Every advocate of slavery naturally desires to see blasted, and crushed, the liberty promised the black man by the new constitution.

We have, as all will agree, a free Government, where every man has a right to be equal with every other man. In this great struggle, this form of Government and every form of human right is endangered if our enemies succeed. There is more involved in this contest than is realized by everyone. There is involved in this struggle the question whether your children and my children shall enjoy the privileges we have enjoyed.6

Lincoln as a Christian?

Lincoln did not just talk the talk, but broke social norms of the times. When President Lincoln was gifted a Bible from freemen (former slaves, or descendants of former slaves) from Baltimore who visited the White House, Lincoln was grateful and commented on the excellence of the written Word, acknowledging Christ as the author.

In regard to this Great Book, I have but to say, it is the best gift God has given to man. All the good the Saviour gave to the world was communicated through this book. But for it we could not know right from wrong. All things most desirable for man's welfare, here and hereafter, are to be found portrayed in it. To you I return my most sincere thanks for the very elegant copy of the great Book of God which you present.7
In the middle of the Civil War, the likelihood of Lincoln’s Christian faith became more and more plausible. Lincoln asked for a day of prayer to be set aside, and uncharacteristically for most presidents before or since.

In the middle of the Civil War, the likelihood of Lincoln’s Christian faith became more and more plausible. Lincoln asked for a day of prayer to be set aside, and uncharacteristically for most presidents before or since, called on people to beseech them to invoke the Holy Spirit to change hearts and to guide the government.

Now, therefore, be it known that I do set apart Thursday the 6th. day of August next, to be observed as a day for National Thanksgiving, Praise and Prayer, and I invite the People of the United States to assemble on that occasion in their customary places of worship, and in the forms approved by their own consciences, render the homage due to the Divine Majesty, for the wonderful things he has done in the Nation's behalf, and invoke the influence of His Holy Spirit to subdue the anger, which has produced, and so long sustained a needless and cruel rebellion, to change the hearts of the insurgents, to guide the counsels of the Government with wisdom adequate to so great a national emergency . . . [Proclamation given July 15, 1863].8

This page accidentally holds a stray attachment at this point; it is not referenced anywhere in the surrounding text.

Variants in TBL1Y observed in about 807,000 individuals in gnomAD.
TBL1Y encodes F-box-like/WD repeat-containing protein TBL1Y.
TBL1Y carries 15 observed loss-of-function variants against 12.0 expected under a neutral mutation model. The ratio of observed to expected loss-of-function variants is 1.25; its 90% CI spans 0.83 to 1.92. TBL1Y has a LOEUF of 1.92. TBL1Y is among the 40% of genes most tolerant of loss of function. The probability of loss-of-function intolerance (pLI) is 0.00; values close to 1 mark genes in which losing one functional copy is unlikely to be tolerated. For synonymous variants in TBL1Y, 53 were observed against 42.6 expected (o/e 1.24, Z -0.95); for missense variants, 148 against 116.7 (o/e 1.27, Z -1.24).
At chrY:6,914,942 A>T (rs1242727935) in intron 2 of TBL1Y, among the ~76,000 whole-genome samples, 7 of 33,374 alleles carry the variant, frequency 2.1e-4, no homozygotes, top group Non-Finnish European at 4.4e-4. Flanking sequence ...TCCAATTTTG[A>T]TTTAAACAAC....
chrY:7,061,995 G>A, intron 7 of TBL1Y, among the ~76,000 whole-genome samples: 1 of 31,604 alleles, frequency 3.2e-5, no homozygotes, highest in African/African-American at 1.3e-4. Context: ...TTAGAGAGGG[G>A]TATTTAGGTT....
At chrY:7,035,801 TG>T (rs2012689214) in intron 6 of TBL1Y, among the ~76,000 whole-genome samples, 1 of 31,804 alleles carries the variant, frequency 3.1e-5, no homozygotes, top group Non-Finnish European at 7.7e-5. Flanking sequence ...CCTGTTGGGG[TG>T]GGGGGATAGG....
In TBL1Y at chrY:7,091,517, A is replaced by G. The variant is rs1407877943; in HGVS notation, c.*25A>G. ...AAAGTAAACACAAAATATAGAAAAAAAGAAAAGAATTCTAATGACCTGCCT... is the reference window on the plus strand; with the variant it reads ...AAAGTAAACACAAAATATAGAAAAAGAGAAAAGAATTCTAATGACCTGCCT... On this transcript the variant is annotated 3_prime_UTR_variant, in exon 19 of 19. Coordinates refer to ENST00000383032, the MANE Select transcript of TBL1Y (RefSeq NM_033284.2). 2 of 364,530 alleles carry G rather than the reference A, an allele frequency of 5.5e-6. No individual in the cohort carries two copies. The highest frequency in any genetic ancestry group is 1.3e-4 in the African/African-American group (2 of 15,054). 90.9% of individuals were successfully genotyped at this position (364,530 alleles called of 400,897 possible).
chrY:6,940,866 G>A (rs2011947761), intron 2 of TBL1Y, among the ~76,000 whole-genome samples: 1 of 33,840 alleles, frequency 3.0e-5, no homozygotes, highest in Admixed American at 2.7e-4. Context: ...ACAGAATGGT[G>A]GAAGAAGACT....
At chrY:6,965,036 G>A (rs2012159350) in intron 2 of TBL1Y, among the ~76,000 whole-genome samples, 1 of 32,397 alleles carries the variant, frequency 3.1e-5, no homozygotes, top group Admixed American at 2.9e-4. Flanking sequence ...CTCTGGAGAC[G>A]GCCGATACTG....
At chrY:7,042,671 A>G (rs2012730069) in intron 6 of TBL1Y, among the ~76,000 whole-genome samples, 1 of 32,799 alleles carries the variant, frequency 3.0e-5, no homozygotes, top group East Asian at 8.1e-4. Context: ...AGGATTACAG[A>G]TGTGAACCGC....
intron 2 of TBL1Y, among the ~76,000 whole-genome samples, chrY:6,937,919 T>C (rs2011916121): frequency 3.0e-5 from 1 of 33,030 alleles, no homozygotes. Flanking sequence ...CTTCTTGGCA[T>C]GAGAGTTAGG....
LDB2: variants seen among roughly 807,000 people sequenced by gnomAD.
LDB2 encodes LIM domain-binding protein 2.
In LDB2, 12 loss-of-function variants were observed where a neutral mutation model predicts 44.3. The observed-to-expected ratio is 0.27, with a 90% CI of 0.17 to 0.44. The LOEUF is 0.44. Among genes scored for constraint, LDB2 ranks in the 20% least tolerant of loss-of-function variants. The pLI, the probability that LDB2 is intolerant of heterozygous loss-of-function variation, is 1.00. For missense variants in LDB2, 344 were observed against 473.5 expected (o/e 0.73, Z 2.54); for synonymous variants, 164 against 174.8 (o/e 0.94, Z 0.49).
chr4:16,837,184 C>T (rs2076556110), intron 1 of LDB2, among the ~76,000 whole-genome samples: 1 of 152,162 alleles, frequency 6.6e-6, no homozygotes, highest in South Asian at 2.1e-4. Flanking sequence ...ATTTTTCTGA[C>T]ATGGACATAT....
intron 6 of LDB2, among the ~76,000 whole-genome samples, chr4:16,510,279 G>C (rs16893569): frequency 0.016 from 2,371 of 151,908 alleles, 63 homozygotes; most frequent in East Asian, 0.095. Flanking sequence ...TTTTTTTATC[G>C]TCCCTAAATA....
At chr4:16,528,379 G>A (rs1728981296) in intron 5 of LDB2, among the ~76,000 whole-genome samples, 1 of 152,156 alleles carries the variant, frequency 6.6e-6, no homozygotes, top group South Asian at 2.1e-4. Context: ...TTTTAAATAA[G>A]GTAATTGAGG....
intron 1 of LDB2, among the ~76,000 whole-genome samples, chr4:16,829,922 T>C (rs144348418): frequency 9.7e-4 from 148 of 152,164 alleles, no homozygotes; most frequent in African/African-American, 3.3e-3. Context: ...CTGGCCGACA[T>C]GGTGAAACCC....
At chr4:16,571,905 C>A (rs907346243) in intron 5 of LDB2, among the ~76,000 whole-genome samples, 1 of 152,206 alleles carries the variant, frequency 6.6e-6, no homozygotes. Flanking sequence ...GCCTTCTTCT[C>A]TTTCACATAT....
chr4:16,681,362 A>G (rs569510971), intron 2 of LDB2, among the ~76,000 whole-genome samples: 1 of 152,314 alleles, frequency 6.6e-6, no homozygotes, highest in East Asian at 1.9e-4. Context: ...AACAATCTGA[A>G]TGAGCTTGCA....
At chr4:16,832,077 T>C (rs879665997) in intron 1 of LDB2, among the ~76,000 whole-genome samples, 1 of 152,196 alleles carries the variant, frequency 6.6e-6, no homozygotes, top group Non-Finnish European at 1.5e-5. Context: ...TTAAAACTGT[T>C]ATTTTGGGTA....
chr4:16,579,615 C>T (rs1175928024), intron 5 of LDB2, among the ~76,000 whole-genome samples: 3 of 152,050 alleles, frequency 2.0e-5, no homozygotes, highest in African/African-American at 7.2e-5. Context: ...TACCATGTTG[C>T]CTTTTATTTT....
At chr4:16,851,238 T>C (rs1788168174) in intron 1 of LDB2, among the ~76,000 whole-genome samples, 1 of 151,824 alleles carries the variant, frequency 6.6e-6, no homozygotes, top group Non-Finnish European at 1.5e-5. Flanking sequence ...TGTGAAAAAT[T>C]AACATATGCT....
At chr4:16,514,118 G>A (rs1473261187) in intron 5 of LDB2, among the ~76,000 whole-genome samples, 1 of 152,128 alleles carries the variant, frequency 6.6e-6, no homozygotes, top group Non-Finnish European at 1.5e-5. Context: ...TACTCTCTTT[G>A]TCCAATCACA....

Lincoln spent much of the first few months of 1865 looking forward to the end of the war and reunifying the country. He delivered a speech on April 11, and at the beginning of it again urged people to thank God for the recent events, namely the surrender of Confederate General Lee’s armies to General U.S. Grant. “In the midst of this, however, He from whom all blessings flow, must not be forgotten. A call for a national thanksgiving is being prepared and will be duly promulgated.”9 But as the Civil War was ending, Lincoln was shot in the head on Good Friday, April 14, 1865, at Ford’s Theater in Washington D.C. by John Wilkes Booth, a Confederate sympathizer. Lincoln died early the next morning at the age of 56.

Answering Questions About Lincoln’s Christian Faith

It is now common to hear some skeptical historians, many of whom have a vested interest in expunging any semblance of the importance of Christian personalities and influences from history, claim that Lincoln was merely accommodating his listeners with religious-infused overtones, which he himself did not believe. I believe that hypothesis is unlikely in light of the numerous letters, speeches, and proclamations he wrote or delivered while president. In fact, two historians who studied Lincoln’s writings and speeches in depth made the following statement:

If the much-admired Lincoln so believed, it would raise troubling implications: maybe Lincoln is not so admirable after all, or, conversely, perhaps one’s own rejection of a personal, sovereign God needs to be reevaluated. These factors create a powerful incentive to deny that Lincoln believed any such thing.